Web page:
Engineering Products: Key Changes

Introduction

Engineering products, a major engineering firm in Britain, experienced major changes in the 1980s, making specialization in three major business areas i.e. automotive components, defence and industrial services (Newell & Scarbrough 2002). The changes took place as the engineering firm became more of a customer-based organization. The changes were also instigated by the need to make variations in various products and expansion of operations in different countries (Newell & Scarbrough 2002).

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Recent changes in Engineering Products have seen significant pressure from the firm’s customers in the automotive division become a driving force in determining the operations at the international level (Dicken 1992).This is attributed to the fact that the customers have sought to standardise the methods of production used by Engineering Products as well as the firm’s working processes that target “best practice” across different sites (Newell & Scarbrough 2002). This means that the products (cars) sold by Engineering products vary in minor instances depending on the countries in which they are sold (Sayles, & Chandler 1993). Nevertheless, the products purchased need to be of completely similar specification in a particular country where they are sold. As a result, Engineering Products works on a focus of ensuring that its component manufacturers standardise their operations internationally (Newell & Scarbrough 2002).

This paper evaluates various issues of Engineering Products such as culture, motivation, structure of organization, how the organization exercises power and control and how the various aspects of change in the organization’s structures and management affect its products. The paper will also identify the main issues that relate to Engineering Products in terms of how theories of management apply to the firm. The use of quotations in the paper demonstrates the relevance of the arguments as well as the opinions and recommendations expressed in the paper. Also highlighted is the issue of hierarchy since Engineering Products has decentralised its operations across its subsidiaries (Newell & Scarbrough 2002).

Major changes in Engineering Products

The significant changes realised at Engineering Products included the need to standardise the cars produced in various countries albeit with minor variations (Lynch 1983). The impetus for the changes was driven by customer demands; hence, the management at the headquarters of Engineering Products’ automotive division were faced with the task of ensuring that the previously disparate plants became integrated and served customers in their own country in a most decentralised way (Newell & Scarbrough 2002). This led to creation of appropriate management structures in different countries to facilitate effective communication at various levels of operation (Newell & Scarbrough 2002).

Theories and issues in management related to Engineering Products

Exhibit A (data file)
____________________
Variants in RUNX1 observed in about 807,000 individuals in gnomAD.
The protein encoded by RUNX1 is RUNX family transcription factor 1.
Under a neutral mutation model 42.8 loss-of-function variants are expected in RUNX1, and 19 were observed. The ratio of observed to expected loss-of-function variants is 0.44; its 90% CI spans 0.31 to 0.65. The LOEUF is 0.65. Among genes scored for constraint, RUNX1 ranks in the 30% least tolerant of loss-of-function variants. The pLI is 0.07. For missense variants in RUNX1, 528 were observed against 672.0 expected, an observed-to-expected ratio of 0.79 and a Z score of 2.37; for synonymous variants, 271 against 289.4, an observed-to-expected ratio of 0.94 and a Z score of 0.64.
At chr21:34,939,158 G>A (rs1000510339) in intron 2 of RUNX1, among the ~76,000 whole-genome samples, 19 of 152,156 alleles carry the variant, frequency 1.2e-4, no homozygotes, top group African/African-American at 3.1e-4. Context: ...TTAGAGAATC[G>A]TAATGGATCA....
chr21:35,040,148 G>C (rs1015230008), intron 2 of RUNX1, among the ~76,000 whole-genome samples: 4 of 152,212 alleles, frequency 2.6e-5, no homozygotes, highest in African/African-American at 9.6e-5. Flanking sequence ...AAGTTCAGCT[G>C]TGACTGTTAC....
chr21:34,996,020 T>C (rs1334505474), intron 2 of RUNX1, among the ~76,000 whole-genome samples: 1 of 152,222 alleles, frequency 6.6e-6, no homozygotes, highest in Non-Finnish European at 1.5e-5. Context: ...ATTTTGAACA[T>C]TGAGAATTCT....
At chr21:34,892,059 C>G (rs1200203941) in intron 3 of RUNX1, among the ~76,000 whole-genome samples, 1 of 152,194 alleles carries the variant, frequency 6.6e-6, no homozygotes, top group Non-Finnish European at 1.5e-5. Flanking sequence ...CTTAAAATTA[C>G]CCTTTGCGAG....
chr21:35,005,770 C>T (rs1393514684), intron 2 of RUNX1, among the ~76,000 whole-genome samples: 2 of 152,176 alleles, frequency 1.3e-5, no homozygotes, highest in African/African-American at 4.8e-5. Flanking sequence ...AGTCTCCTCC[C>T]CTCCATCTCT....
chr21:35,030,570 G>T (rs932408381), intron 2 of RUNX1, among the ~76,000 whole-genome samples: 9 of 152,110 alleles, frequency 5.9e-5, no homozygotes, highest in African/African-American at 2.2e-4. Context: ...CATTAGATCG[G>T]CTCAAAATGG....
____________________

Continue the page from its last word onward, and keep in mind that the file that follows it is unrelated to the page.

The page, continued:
Motivation theory

According to Maslow, human needs are hierarchical but depend on each other in augmenting motivation to perform various activities (Doyle 2003). At the highest level are psychological needs such as food. Next are physiological needs such as safety and shelter and social deprivation needs such as need for affiliation and belonging (Doyle 2003). Nevertheless, growth needs such as a forward-looking and incentive motivators such as work place issues affect work behaviour most (Doyle 2003).

At Engineering Products, motivational needs among staffs are catered for by ensuring that various ideas expressed by different members of the operation teams are discussed and implemented. The firm has several structures to serve this function. For instance, the automotive division operates various “manufacturing councils” which involve periodical meetings in which the group’s manufacturing directors bring together ideas that can be integrated in the manufacturing plants (Newell & Scarbrough 2002).

These ideas are mainly focused on ensuring that workers are motivated to facilitate maximum productivity (Newell & Scarbrough 2002). To facilitate this motivational experience, Engineering Products set up an “International College of Engineering” in Germany at which engineers converge to stimulate and develop new ideas that are focused not only on enhancing their productivity but also ensuring that what is produced is customer oriented (Newell & Scarbrough 2002).

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Another advanced step that Engineering Products has taken in ensuring that its employees are motivated is the training of an international cadre of managers who are posted on assignments in different countries other than their countries of origin (Hirst & Thompson 1996; Hofstede 1984). This ensures that employees get motivated by learning the experiences in other countries in which the firm operates. Engineering Products also uses internal consultants to help motivate employees to produce the best are posted on assignments in different countries other than their countries of origin Hirst & Thompson 1996; Hofstede 1984). This ensures that employees get motivated by learning the experiences in other countries in which the firm operates. Engineering Products also uses internal consultants to help motivate employees to produce the best out of their potential in ensuring that products match customer specifications (Newell & Scarbrough 2002).

Organization culture

At the Headquarters of Engineering Products, there is a dictum that “Decisions are made at the centre about outsourcing to supply to different customers” (Newell & Scarbrough 2002). In this respect, the different levels of management in the organization structure are required to decide from their factories which customers have to be supplied and this is obviously in the local market that a particular subsidiary is operating. The firm’s organization structure ensures that decisions about critical areas such as outsourcing are well discussed to ensure better coordination of activities in the manufacturing process (Clegg, Kornberge & Pitsis 2005).

The HR at Engineering Products has had a central role in ensuring that the firm moves characteristically towards international integration. This is portrayed by the fact that the company has created structures that facilitate regular contact between managers from different parts of different divisions. Engineering Products has a program in which certain tasks can be performed at different levels both locally and internationally (Clegg, Kornberge & Pitsis 2005). At the headquarters of the company, the management uses a strategic form of leadership rather than an administrative type in order to facilitate integration of ideas at various levels of operation. As argued by Davies (1991), strategic leadership is a good form of leadership given that it is focused on everyone’s participation towards a target rather than pointing at some groups to realize the result.